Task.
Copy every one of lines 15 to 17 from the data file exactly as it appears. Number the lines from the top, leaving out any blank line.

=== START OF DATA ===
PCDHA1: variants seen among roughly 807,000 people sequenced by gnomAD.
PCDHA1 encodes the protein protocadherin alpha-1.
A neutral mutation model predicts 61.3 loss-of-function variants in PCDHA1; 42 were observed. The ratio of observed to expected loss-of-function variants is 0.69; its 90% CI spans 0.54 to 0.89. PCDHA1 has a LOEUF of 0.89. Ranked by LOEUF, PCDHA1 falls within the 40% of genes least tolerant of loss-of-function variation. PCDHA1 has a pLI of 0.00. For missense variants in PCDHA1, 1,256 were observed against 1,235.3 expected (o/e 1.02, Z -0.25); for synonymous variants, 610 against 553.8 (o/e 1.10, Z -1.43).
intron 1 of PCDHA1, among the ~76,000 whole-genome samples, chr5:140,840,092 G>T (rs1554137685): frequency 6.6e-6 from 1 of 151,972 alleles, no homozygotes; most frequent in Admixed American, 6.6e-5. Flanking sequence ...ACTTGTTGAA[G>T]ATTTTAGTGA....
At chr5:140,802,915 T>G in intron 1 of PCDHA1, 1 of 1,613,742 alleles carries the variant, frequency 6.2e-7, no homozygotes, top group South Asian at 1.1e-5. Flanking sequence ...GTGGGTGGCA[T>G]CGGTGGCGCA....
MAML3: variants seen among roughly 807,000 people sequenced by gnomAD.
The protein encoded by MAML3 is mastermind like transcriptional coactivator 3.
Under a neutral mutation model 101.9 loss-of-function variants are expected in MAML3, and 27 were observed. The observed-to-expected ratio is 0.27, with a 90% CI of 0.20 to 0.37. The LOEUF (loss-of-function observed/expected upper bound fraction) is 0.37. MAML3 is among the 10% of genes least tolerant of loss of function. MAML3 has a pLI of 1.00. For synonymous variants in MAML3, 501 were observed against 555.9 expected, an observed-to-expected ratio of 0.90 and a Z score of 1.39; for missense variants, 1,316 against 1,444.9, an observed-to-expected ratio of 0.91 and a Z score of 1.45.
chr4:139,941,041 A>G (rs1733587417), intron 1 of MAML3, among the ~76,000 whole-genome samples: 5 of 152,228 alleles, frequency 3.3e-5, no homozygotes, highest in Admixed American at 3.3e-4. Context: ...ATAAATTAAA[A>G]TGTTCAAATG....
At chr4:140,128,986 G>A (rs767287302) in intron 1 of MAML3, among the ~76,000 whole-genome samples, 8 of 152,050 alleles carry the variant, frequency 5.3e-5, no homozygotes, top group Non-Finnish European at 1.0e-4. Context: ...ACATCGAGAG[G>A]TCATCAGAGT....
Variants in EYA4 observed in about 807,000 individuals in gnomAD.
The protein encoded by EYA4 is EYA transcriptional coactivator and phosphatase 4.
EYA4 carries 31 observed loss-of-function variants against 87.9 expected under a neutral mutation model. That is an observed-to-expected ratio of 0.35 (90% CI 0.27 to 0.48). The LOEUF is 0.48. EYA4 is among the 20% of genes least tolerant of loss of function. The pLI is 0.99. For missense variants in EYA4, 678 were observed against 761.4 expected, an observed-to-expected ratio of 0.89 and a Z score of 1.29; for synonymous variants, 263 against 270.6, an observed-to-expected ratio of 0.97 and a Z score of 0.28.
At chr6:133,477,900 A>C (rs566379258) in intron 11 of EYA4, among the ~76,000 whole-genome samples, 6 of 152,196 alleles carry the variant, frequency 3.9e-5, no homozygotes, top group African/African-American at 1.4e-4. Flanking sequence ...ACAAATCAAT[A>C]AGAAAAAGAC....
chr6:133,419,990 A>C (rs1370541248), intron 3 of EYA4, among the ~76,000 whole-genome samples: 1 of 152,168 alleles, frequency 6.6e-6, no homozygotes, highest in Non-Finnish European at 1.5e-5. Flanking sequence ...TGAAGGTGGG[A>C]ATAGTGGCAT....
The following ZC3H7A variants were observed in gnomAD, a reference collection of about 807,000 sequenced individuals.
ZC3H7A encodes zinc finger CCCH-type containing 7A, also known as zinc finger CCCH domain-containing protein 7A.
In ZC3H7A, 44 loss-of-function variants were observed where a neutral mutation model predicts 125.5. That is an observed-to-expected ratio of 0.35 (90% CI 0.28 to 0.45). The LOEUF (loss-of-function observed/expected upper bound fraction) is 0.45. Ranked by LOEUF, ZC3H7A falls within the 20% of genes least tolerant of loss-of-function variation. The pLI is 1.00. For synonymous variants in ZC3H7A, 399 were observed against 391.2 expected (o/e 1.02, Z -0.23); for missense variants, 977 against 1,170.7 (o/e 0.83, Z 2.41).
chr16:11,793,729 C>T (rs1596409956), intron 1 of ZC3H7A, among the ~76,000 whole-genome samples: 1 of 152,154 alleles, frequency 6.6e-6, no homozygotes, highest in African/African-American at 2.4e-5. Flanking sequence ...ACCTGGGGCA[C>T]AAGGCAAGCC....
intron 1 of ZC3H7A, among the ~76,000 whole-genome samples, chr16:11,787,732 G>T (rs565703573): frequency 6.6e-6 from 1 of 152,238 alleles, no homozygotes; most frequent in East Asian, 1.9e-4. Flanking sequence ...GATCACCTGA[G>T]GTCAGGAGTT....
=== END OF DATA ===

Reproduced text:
chr6:133,419,990 A>C (rs1370541248), intron 3 of EYA4, among the ~76,000 whole-genome samples: 1 of 152,168 alleles, frequency 6.6e-6, no homozygotes, highest in Non-Finnish European at 1.5e-5. Flanking sequence ...TGAAGGTGGG[A>C]ATAGTGGCAT....
The following ZC3H7A variants were observed in gnomAD, a reference collection of about 807,000 sequenced individuals.
ZC3H7A encodes zinc finger CCCH-type containing 7A, also known as zinc finger CCCH domain-containing protein 7A.